By Heather O’Donovan
Nestled unassumingly on a Chelsea side street sits New York’s Irish Repertory Theatre, or, as most call it, Irish Rep. It’s an inconspicuous space: no Broadway-style marquees, only a suitably green banner poking out from the facade alerting in-the-know theatre-goers to its presence. It was in the basement blackbox studio of this snug and storied enclave — temporarily set up saloon-style for the company’s production of “thriller in rhyme” The Smuggler — where I met Irish Rep’s co-founder and artistic director Charlotte Moore and director of audience and play development Nicola Murphy Dubey one recent Thursday afternoon to discuss the company’s Transatlantic Commissions Program over a cup of tea.
Moore and her co-founder Ciarán O’Reilly founded Irish Rep in 1988, at a time of upheaval and violence in the North of Ireland. “We took hold of a movement,” Moore explains, to represent Irish life to an American audience. That mission remains the core of Irish Rep’s programming endeavors today and has, most recently, served as the foundation for the company’s latest experiment. “Ireland in the last twenty-five years has moved from a monocultural to a multicultural, international society,” Murphy explains. “We were eager to work on plays that bridged the gap between gender and diversity, so we decided to commission new works that would better represent Ireland today.”
In collaboration with Fishamble, a Dublin theatre company specializing in new works, Irish Rep commissioned four Black Irish artists and writers, including two female-identifying theatre-makers — poet-performer-playwright FELISPEAKS and actor-writer Jade Jordan — to create new, short works to be presented in Spring 2023 in a series of readings.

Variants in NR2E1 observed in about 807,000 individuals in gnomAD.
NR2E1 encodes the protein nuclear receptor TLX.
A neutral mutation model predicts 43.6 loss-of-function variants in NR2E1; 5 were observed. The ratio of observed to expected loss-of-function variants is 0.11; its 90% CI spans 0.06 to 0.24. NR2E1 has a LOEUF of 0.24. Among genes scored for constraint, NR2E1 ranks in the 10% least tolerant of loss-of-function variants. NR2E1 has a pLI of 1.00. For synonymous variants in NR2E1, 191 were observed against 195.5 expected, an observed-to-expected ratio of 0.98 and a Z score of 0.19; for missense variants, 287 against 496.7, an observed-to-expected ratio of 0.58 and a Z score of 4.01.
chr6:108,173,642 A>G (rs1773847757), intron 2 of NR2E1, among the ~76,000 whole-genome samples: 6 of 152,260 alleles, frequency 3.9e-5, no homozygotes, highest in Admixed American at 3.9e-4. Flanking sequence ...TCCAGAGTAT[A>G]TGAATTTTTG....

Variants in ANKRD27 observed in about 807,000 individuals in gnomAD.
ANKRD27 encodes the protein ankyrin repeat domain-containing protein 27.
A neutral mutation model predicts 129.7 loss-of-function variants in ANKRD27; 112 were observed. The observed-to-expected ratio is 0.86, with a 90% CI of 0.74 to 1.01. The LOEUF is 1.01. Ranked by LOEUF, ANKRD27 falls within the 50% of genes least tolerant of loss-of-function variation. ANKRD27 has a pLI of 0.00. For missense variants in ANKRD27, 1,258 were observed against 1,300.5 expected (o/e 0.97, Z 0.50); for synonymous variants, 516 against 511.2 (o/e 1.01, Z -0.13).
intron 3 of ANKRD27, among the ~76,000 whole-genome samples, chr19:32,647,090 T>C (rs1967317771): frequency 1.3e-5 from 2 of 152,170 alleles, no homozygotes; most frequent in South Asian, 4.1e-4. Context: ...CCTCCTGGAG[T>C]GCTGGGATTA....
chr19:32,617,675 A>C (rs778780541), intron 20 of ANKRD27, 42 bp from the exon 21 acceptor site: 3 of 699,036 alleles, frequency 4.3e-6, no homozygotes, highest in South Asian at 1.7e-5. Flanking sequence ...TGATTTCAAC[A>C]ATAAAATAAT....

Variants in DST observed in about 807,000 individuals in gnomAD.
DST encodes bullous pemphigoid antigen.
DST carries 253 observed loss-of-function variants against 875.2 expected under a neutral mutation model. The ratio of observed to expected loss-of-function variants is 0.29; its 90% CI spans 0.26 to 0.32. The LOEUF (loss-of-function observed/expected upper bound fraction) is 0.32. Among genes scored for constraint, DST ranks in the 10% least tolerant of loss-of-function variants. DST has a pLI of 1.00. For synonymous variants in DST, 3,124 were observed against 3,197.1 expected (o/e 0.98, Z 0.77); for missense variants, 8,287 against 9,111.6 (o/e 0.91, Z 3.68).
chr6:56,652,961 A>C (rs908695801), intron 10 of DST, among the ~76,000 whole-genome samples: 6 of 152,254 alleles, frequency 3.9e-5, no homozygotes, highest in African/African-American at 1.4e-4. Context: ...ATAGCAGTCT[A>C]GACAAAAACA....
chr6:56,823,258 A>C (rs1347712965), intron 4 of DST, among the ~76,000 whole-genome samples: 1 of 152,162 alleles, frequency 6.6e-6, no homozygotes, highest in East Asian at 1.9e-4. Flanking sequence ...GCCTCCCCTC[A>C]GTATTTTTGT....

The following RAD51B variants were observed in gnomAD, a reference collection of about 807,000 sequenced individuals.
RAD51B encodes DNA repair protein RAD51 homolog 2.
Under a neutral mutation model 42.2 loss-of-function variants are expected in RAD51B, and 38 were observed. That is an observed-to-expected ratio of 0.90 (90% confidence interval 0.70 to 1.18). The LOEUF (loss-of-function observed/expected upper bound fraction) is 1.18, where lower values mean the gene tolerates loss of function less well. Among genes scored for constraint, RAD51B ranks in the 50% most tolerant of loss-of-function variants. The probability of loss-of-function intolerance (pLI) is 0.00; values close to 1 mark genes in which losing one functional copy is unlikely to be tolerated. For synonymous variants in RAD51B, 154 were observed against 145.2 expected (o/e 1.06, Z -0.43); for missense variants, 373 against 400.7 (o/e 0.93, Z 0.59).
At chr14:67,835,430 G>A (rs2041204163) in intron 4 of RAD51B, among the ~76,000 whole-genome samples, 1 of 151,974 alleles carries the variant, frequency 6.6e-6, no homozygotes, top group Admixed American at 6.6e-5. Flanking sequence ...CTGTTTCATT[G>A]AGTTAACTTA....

Over the last twelve months, under the auspices of the Transatlantic Commissions Program, the writers have been receiving mentorship via Zoom from playwright and performer Dael Orlandersmith. Not Irish herself, Orlandersmith nevertheless feels a strong connection to the history and present-day culture of Ireland having performed and spent time in the country. “There’s really not someone quite like Dael in Ireland just yet,” explains Murphy, “so it’s been great to be able to provide these writers with this level of support and make this a truly Transatlantic collaboration.”
There are training opportunities, both independent and through universities, to be sure, but in Orlandersmith’s view these programs don’t quite offer the same value as a mentorship: “In my career as a female Black writer, I’ve often been outside the outside; to a certain degree, Jade and FELISPEAKS, also Black female writers, are outside the outside, as well. Because of our identities, we’re often expected to write about gender and race in a certain way, but I want to offer Jade and FELISPEAKS information that allows them to find their individual voices. They’re not here to be a reflection of me. That’s a healthy sense of boundary that you find in a mentorship.”
Throughout our conversations, Moore spoke of finding both friendship and mentorship in her fellow theatre-makers, including Irish playwright Marina Carr, who helped Moore see just how deeply ingrained masculinity is in the Irish canon; Murphy spoke of the mentorship she has benefitted from through her relationship with Moore; and Orlandersmith spoke of the guidance — both helpful and less so — that she received while on the job during her early career. But for none of these artists was there a program akin to that which Jade Jordan and FELISPEAKS have experienced this past year.